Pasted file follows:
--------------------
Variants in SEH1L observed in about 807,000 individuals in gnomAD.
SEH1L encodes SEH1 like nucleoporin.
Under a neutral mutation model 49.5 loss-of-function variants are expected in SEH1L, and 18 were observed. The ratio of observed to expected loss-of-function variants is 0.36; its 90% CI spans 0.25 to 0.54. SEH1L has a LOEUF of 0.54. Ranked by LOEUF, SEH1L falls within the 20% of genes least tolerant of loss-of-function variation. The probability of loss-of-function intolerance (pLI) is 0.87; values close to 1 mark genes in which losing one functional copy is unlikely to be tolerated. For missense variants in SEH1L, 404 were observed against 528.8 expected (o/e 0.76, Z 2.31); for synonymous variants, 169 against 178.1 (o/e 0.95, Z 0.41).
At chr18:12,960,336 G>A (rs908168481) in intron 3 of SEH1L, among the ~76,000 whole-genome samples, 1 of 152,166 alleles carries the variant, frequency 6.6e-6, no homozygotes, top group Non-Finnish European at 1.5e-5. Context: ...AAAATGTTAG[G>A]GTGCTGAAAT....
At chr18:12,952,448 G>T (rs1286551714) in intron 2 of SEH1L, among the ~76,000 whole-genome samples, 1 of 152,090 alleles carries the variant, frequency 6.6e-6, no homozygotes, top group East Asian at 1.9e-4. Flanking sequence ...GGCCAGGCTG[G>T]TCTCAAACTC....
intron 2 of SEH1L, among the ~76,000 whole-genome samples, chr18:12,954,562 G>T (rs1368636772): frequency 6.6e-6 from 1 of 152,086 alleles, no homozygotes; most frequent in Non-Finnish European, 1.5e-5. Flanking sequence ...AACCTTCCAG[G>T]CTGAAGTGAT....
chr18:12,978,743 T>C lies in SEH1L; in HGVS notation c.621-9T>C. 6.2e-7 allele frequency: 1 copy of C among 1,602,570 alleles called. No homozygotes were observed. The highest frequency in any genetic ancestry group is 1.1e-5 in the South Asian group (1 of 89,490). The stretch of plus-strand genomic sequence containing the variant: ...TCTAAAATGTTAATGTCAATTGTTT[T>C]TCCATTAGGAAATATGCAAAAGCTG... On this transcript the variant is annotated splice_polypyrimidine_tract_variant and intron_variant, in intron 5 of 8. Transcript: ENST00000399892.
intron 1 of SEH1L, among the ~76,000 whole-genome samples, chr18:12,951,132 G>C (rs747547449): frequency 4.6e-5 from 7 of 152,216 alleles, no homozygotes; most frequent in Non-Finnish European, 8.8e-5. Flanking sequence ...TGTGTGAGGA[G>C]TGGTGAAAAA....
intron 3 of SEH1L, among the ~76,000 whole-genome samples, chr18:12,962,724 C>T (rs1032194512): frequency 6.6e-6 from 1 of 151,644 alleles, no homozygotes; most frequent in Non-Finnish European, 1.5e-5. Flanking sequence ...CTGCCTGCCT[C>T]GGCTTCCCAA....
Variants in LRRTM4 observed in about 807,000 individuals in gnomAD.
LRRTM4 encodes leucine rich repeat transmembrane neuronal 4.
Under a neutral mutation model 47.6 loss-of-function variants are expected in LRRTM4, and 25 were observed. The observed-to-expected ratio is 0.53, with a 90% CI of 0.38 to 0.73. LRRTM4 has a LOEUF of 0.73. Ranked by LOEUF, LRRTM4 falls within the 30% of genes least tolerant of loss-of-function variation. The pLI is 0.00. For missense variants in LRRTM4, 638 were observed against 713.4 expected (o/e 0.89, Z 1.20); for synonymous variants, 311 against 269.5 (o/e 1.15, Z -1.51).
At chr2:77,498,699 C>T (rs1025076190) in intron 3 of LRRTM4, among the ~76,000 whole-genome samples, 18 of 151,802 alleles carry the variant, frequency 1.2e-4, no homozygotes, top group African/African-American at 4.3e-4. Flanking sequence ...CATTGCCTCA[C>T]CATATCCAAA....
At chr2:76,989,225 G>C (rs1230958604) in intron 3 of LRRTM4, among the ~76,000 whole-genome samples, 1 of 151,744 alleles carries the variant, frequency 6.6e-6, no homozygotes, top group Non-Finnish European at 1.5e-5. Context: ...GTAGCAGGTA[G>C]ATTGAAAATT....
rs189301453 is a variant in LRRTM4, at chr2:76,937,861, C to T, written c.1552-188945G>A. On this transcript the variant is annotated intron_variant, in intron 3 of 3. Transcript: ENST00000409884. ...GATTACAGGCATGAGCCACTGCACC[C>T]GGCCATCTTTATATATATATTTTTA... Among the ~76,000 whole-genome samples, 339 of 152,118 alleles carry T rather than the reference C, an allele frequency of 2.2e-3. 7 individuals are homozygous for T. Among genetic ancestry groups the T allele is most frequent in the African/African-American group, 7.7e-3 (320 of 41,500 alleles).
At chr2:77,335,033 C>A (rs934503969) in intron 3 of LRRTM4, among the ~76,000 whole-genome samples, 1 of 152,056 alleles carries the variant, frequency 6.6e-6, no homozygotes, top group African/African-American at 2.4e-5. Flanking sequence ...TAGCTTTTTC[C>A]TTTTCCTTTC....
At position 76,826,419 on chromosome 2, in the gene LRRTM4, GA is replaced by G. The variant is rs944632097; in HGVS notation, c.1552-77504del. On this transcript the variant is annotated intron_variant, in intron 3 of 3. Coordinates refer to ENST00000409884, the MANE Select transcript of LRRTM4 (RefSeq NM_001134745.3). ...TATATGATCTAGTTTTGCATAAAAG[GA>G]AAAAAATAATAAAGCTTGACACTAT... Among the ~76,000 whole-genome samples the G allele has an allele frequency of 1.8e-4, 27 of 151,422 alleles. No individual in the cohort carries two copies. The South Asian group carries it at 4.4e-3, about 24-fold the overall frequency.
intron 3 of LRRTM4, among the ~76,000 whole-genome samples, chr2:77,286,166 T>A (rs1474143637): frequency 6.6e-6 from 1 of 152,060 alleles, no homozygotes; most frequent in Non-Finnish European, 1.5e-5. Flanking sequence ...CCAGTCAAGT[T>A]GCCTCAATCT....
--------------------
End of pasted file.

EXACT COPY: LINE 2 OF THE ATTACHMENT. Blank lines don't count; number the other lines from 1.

SEH1L encodes SEH1 like nucleoporin.